There was also the use of red lead and white lead paste. Using packing string (or lamp wick or the like) that had been doused with white lead paste and then run through your fingers was once a popular method. I seriously doubt that anyone could even find red or white lead paste these days.

Then there were various "patent" substances in paste or stick form. Many of these are still in use although often a different formula than was originally used since most of the originals contained lead.

For the most part, these days it is Teflon tape and/or a semi-liquid or paste type sealer. These are used by DIYers and professional plumbers and pipefitters on all sizes of threaded pipe. Some of the pastes have Teflon and some don't. Often it is more of a personal preference rather than any specific requirement that dictates which paste or semi-liquid sealer is used. Teflon tape also comes in different thicknesses for different sizes of pipe and different materials carried by the piping system.

For hydraulic oil systems I like an aneroid, hard setting semi liquid. Using Teflon tape on oil systems is asking for leaks and Teflon paste is rarely much better than tape on oil systems. For fuel oil my favorite was Permatex number 2 paste; I don't know if it is even made anymore. For fuel gas I like a Teflon paste that is listed for gas work or one of the other paste type sealers that is listed for the particular gas. Local codes will often dictate what sealer(s) are acceptable

There is still a place for string, wicking or whatever someone calls it in the repair field but I see no use for such in new construction. If you have old, worn or expanded screwed fittings that won't seal any other way, then the use of wicking can often enable a job to be done with minimal replacement of the old worn or expanded fittings.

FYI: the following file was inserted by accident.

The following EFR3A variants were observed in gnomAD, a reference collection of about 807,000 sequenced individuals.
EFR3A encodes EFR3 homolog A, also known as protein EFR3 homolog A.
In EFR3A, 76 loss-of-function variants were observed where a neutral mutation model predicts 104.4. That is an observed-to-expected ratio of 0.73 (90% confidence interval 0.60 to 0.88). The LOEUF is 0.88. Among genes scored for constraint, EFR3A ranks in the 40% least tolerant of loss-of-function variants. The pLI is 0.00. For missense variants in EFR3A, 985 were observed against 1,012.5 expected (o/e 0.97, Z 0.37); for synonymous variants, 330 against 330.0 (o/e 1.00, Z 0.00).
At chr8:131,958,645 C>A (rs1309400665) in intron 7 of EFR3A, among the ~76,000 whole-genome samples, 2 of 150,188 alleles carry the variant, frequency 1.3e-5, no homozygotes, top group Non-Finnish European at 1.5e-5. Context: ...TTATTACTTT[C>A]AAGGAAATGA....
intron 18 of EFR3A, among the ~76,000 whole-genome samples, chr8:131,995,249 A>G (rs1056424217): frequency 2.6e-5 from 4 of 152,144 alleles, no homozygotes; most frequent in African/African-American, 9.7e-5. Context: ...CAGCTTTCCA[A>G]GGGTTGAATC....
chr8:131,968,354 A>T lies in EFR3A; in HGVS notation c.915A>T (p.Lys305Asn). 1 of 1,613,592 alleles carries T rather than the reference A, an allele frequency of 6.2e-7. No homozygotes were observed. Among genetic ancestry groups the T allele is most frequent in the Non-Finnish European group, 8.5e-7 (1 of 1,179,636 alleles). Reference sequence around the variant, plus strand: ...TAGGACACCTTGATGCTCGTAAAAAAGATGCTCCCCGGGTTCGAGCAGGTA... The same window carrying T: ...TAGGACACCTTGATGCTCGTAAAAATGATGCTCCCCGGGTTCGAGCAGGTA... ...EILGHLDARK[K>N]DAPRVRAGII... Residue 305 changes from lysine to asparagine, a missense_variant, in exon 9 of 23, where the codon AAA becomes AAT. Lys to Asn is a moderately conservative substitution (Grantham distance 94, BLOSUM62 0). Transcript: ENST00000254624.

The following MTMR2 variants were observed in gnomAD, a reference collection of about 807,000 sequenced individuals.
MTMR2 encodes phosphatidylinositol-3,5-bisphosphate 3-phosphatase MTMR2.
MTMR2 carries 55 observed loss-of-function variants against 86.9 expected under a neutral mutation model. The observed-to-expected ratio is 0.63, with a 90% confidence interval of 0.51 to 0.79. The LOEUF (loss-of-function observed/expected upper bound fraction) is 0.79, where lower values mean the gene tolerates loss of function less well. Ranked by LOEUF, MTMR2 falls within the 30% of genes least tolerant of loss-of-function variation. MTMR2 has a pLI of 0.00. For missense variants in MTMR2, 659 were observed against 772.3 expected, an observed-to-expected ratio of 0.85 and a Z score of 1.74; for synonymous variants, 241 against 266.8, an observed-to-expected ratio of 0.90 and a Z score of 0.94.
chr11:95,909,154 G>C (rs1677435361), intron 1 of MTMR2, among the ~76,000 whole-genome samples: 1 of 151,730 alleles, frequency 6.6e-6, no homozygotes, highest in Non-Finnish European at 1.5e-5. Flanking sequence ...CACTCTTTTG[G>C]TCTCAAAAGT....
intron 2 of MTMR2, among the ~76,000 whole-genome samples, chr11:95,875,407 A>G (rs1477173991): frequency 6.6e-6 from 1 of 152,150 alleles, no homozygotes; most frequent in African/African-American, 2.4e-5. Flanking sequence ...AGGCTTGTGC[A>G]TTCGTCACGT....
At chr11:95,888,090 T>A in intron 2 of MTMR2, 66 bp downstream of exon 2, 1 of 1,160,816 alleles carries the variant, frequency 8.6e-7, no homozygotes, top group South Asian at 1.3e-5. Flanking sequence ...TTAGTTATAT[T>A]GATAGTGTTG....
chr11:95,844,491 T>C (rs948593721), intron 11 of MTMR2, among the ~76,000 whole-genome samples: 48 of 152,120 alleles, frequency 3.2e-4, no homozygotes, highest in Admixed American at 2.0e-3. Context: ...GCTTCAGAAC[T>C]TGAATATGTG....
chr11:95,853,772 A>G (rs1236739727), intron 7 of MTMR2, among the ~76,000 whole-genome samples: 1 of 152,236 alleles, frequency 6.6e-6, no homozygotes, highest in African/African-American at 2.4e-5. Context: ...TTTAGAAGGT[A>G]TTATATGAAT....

There would be very few instances where someone would come across brass piping except short brass nipples. Brass was sometimes used early in the twentieth century but by now most of those systems have been replaced and the ones still around need replacement. Brass nipples can easily be replaced and then the new methods of sealing work well with new brass nipples.
 
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Old 02-08-09, 06:49 PM
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Hey Furd, how old are you anyway?

I thought I was getting old but have never even heard of some of the things you described. But you did do more commercial/industrial work than I if I am not mistaken.

In my city, we are not allowed to use permetex (the black stuff) that hardens completely on gas lines, because if a gas line were moved at some later lime by accident, the seal will break causing a leak. Only soft set is allowed on gas here.

Oil does not allow teflon, if you want your oil pump to be warrantied.
 

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Old 02-08-09, 07:21 PM
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I never said I actually did any of the old-time methods, just that I knew of them.

I don't know what different kinds of Permatex is now available. Back in my day it was mostly number one, number two and number three. Number one was sort of a dark red and it got really hard. Number two never completely hardened and number three (also called Aviation Permatex) was a semi-liquid that had a brush in the cap of the can. Number three never hardened completely.